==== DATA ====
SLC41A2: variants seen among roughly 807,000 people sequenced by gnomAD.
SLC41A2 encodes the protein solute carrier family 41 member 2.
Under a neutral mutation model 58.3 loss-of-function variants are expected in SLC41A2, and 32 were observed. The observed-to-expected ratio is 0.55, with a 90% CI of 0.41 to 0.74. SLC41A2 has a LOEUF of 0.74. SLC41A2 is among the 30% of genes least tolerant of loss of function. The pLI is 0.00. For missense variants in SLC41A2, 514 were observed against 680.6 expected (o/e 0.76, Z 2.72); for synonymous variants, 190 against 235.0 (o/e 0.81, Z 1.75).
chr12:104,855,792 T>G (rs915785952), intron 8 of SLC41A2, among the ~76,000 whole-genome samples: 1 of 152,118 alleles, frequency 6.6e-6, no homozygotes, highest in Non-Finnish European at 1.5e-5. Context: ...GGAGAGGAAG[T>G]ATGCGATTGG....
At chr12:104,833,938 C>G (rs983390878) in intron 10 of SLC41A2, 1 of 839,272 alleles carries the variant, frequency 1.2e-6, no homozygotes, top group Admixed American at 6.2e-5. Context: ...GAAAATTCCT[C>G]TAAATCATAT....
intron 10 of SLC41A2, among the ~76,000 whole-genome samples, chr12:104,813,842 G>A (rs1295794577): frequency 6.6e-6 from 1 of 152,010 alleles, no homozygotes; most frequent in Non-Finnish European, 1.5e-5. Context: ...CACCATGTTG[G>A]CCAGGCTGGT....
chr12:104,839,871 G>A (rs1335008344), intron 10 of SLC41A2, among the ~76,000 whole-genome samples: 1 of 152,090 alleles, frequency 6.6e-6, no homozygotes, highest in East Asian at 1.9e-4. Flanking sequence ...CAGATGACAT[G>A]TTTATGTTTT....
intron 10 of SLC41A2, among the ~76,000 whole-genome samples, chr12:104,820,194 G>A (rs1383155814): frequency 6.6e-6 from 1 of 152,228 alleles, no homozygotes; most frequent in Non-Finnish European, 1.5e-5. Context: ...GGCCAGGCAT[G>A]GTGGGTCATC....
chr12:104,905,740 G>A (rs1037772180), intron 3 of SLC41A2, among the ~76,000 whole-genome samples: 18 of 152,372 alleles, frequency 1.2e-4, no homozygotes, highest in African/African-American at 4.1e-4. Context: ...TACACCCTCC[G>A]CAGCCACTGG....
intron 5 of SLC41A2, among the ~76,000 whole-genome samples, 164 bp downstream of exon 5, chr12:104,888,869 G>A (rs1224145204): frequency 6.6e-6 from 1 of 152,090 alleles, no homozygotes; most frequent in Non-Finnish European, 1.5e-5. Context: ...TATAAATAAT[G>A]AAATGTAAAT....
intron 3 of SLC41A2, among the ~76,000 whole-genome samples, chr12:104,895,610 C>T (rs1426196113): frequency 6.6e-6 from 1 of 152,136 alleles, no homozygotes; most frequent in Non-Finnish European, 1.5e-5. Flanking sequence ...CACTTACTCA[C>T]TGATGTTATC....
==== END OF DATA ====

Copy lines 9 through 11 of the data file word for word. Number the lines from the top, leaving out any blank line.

chr12:104,905,740 G>A (rs1037772180), intron 3 of SLC41A2, among the ~76,000 whole-genome samples: 18 of 152,372 alleles, frequency 1.2e-4, no homozygotes, highest in African/African-American at 4.1e-4. Context: ...TACACCCTCC[G>A]CAGCCACTGG....
intron 5 of SLC41A2, among the ~76,000 whole-genome samples, 164 bp downstream of exon 5, chr12:104,888,869 G>A (rs1224145204): frequency 6.6e-6 from 1 of 152,090 alleles, no homozygotes; most frequent in Non-Finnish European, 1.5e-5. Context: ...TATAAATAAT[G>A]AAATGTAAAT....
intron 3 of SLC41A2, among the ~76,000 whole-genome samples, chr12:104,895,610 C>T (rs1426196113): frequency 6.6e-6 from 1 of 152,136 alleles, no homozygotes; most frequent in Non-Finnish European, 1.5e-5. Flanking sequence ...CACTTACTCA[C>T]TGATGTTATC....